If you’re feeling a little delicate after a night of drinking last night, someone may have recommended that you try the ‘Hair of the dog’; more alcohol the day after heavy drinking – but why is it called that?
The phrase is short for ‘Hair of the dog that bit me’; to find the origins of this phrase we have to look way back to around 400BC, the time of Hippocrates; where the prevailing medical theory at the time was encapsulated by the phrase ‘Similia similibus curantur’ meaning ‘like cures like’.
The phrase ‘Hair of the dog’ itself first appeared in writing in Brewer’s Dictionary of Phrase and Fable in 1898, and refered to the application of ‘Similia similibus curantur’ to the treatment of persons suffering from the symptoms of rabies following the bite from a rabid dog. Doctors would apply hairs from the offending dog to the bite wound, needless to say it didn’t work. The phrase was then applied widely to the idea of ‘like cures like’, most of these systems of treatments have fallen out of favour as they were found not to work, but for some reason, in relation to alcohol, it strives on. Possibly because the prescriber quite likes the idea of a drink anyway.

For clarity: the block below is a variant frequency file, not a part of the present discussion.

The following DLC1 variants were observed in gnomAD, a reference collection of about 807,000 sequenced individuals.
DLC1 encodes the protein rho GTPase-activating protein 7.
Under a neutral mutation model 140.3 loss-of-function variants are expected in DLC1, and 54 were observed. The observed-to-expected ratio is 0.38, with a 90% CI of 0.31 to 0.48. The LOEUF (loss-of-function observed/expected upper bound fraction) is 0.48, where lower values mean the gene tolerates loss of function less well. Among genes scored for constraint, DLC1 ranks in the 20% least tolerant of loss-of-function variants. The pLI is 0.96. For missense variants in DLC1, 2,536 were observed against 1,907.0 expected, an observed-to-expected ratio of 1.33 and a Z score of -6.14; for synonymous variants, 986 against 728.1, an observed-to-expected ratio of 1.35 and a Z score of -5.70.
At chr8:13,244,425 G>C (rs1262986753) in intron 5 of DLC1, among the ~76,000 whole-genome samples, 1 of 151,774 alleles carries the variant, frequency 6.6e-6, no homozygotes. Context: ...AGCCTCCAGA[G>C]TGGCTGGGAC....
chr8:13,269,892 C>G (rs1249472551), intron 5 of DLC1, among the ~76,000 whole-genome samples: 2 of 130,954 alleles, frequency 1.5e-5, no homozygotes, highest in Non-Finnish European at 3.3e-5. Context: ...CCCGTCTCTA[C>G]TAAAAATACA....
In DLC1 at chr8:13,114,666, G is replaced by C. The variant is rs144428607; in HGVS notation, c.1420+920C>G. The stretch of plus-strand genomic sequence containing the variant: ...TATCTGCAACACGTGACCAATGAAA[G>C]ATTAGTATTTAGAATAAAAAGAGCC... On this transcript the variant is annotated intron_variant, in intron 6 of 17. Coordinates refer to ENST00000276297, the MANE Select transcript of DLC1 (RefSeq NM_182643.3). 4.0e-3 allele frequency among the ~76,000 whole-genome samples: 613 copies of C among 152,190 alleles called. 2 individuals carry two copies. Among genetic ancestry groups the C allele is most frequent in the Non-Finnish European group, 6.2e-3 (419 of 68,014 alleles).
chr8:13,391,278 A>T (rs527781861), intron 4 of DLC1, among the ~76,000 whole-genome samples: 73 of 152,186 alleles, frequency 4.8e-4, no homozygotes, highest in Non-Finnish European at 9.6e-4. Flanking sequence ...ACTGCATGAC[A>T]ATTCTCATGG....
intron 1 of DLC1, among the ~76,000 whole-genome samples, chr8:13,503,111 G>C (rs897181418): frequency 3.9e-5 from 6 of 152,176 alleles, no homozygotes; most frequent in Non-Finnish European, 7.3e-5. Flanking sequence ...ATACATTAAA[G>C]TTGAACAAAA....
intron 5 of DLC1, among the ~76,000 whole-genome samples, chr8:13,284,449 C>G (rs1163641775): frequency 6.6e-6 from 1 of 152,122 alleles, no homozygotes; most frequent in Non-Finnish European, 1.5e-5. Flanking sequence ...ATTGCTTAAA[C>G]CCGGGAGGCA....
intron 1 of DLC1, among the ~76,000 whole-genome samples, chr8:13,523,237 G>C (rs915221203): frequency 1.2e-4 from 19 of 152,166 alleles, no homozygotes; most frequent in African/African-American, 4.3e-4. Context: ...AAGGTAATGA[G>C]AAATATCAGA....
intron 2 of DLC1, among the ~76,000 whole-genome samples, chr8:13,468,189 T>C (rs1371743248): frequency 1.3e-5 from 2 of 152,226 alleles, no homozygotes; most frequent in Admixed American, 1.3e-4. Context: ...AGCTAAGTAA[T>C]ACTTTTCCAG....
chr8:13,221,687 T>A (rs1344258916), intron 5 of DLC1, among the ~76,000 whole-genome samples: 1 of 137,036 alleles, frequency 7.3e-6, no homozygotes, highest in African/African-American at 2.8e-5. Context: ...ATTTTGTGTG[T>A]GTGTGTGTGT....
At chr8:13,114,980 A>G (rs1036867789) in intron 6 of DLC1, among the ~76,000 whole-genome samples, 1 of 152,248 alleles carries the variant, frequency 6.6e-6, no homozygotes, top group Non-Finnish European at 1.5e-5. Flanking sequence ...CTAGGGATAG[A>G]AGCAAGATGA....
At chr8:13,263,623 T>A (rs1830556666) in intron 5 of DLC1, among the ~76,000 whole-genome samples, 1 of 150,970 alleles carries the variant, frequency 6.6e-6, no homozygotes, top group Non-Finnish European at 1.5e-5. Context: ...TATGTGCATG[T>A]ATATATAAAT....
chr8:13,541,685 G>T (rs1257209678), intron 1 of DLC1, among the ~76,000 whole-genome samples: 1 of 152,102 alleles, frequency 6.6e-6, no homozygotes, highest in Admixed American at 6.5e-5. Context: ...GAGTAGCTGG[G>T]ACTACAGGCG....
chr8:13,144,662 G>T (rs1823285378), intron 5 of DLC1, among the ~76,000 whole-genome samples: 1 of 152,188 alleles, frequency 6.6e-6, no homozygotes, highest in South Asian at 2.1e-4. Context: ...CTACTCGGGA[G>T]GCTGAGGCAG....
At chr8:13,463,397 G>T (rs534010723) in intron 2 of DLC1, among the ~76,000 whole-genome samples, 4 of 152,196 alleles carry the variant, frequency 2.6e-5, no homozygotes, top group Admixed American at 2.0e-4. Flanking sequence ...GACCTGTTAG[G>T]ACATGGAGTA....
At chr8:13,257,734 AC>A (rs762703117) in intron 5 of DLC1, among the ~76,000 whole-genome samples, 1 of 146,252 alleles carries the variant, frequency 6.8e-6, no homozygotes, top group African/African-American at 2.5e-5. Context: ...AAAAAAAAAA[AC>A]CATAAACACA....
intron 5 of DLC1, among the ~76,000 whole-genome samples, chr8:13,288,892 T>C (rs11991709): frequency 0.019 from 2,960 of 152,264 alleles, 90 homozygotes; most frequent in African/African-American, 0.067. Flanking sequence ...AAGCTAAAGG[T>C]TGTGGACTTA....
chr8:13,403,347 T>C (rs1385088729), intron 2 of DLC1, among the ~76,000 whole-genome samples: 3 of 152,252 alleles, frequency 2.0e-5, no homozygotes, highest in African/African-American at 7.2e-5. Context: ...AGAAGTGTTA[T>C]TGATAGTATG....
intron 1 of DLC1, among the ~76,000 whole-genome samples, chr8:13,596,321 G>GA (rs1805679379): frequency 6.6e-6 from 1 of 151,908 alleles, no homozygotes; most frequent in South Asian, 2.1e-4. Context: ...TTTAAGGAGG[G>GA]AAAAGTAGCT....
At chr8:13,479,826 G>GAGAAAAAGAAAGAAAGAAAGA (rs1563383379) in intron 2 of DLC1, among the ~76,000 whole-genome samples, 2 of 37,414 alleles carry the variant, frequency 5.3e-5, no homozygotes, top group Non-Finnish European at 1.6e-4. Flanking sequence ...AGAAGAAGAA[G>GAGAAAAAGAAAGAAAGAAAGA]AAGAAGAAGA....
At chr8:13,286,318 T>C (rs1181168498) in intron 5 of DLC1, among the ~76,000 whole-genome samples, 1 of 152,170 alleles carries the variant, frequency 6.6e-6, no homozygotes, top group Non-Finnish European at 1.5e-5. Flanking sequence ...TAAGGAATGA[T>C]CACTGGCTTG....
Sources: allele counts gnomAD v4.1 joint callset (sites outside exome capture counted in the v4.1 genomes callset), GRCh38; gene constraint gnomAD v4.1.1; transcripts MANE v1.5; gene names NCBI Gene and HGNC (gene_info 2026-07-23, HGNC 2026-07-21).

If you’re wondering if it works, unfortunately it doesn’t, although there is some evidence to show that the alcohol reduces the intensity of the symptoms by spreading them over a longer period.